Garnett Mimms & the Enchanters – Cry Baby


Mr. Garnett Mimms


Listen – Garnett Mimms & the Enchanters – Cry Baby – MP3″

Greetings all.

Today’s selection is one of the first soul records that I became aware of way back in the day, and – I’m ashamed to say – that I only recently grabbed myself a copy of the 45 (despite the fact that I probably have it on four or five different CDs).
‘Cry Baby’ by Garnett Mimms and the Enchanters is an important record for a number of reasons.
First and foremost it’s no less than a brilliant, emotion-soaked, gospel edged, soul record with an economical, understated arrangement.
Second, it’s yet another bit of evidence for the canonization of the brilliant songwriters Jerry Ragovoy and Bert Berns*.
Third – and this will be familiar to long time readers of the Funky16Corners blog – ‘Cry Baby’ is yet another point of intersection in the delicate calculus produced where Janis Joplin intersects with classic soul. I have raged on (and softened somewhat) over the years about Joplin’s covers (appropriations?) of soul material laid down definitively by black performers like Howard Tate, Erma Franklin, Lorraine Ellison, Big Mama Thornton, the Chantels and of course Garnett Mimms.
Initially, I spent a lot of time and energy burning on this particular subject. While Joplin was hardly the only singer working with a number of then contemporary soul numbers, she did so often. Naturally, my purist, crate digger indignation burned brightly, but then the 46 year old adult in me, the one who ought to know better (and sometimes does) gave the situation a lot of thought and came to the conclusion that while (in my opinion) Joplin never turned out a superior (to the original) version of any of these songs, the work she did is not without merit*.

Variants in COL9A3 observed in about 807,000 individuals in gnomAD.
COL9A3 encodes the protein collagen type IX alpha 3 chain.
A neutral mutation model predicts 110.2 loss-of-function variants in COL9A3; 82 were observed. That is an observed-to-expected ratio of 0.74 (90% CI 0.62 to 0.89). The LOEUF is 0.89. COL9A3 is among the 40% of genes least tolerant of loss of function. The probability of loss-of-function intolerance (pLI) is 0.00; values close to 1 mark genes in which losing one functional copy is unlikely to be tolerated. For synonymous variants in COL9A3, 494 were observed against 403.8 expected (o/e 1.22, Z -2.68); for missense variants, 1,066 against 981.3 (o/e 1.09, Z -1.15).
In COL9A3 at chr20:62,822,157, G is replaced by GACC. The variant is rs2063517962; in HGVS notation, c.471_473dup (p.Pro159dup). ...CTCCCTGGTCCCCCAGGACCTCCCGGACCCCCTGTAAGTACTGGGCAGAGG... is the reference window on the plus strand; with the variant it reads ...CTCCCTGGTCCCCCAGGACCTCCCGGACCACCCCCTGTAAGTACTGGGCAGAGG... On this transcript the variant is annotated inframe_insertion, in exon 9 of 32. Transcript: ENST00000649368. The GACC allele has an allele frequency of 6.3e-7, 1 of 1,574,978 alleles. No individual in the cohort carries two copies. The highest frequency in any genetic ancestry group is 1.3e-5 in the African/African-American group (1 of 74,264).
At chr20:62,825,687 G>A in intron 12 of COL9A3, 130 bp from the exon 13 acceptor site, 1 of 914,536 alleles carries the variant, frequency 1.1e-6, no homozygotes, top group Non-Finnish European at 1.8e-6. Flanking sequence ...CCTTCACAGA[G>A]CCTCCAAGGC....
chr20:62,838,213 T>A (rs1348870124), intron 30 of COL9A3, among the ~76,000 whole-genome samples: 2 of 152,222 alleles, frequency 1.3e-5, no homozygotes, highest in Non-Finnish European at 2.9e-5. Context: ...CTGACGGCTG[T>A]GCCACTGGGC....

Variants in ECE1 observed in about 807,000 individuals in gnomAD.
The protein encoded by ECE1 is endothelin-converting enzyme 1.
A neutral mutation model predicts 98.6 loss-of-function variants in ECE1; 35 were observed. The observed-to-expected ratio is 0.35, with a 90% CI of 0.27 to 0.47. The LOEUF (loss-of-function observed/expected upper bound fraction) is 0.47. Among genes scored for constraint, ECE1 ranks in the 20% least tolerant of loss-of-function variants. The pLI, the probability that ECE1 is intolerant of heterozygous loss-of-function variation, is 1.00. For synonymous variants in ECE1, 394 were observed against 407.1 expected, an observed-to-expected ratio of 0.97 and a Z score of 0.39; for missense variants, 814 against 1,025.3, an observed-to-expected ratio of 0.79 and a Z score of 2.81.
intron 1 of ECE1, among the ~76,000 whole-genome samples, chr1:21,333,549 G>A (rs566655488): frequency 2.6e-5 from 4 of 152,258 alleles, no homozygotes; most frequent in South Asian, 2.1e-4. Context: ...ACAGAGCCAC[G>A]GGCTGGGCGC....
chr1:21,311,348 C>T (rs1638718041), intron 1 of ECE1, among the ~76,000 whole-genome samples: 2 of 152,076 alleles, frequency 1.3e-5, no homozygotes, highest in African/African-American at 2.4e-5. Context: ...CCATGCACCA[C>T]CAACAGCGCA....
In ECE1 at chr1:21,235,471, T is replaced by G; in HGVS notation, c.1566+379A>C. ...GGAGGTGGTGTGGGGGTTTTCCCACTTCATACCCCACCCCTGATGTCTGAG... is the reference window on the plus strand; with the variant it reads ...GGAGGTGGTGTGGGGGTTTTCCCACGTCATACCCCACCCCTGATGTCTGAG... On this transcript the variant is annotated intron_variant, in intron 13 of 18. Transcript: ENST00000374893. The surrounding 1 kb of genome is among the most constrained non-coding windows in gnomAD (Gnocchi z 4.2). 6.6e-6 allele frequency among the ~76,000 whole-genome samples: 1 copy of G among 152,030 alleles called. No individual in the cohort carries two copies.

That said, the original by Garnett Mimms is strong enough to withstand any assault. It’s another example of a 45 that seems barely able to contain the performance within, moving from the slow, spare backing of the verse to the breathtaking heights (and eventual descent) of the chorus.
Mimms started out singing gospel in Philadelphia in the 50’s, moving on to doowop after a stint in the Army. The Enchanters were formed in 1961 with Mimms, Charles Boyer, Zola Pearnell and Sam Bell (who had been in the Gainors with Mimms). ‘Cry Baby’ was a Number One R&B hit in 1963 (Top 5 Pop) and was one of the first big hits of the soul era. It’s a tune I thought about including in the pledge week mix, but I decided I wanted to feature the record by itself.

That said, I hope you all have a good weekend, and I’ll see you all on Monday.

*Ragavoy writing under the pseudonym Norman Meade and Berns as B. Russell

PSS Don’t forget to head over to Iron Leg for wicked garage punk fuzz!

PSS Check out Paperback Rider as well.


6 Responses to “Garnett Mimms & the Enchanters – Cry Baby”

  1. SoulBoogieAlex Says:

    Mimms is one of my favorite voices is early Soul music. I especially love his version of “As Long As I Have You”. Great stuff!

  2. Planet Mondo Says:

    Lovely – I’ve been buzzing on Johnny Adams slow burning soul lately

  3. Kenya Says:

    I’ve been with you on this Joplin issue for a while. I’ve gotten over it by using her covers as a guide to the original recordings. At least she had good taste in music.

  4. funky16corners Says:

    I think you hit the nail on the head. I can’t count the number of times I’ve found my way to a classic soul or funk record via a cover by a British R&B band, or someone like Janis.

  5. Gorillan Says:

    “Cry Baby” – One of Garnet Mimms best songs! I also love “Looking for You”!

    check out my 100 greatest soul songs:

  6. Euphonic Says:

    “That said, the original by Garnett Mimms is strong enough to withstand any assault.”


    “He showed everybody his postoperative shaven crotch. It was a novelty but he was not proud but it was all he had. Except for his 45’s. The newest of which happened to be ‘Cry Baby’ by Garnet Mimms. He played it and went for long walks alone at night in his black sneakers. Nobody wore them then. He played Garnet Mimms until one of his two roommates broke it with a machete. What has Garnet Mimms done since then? Who knows but Andy has had more hard times.”

    From Richard Meltzer’s short story “Black Music/White Audience” in his collection “Gulcher” (1972).

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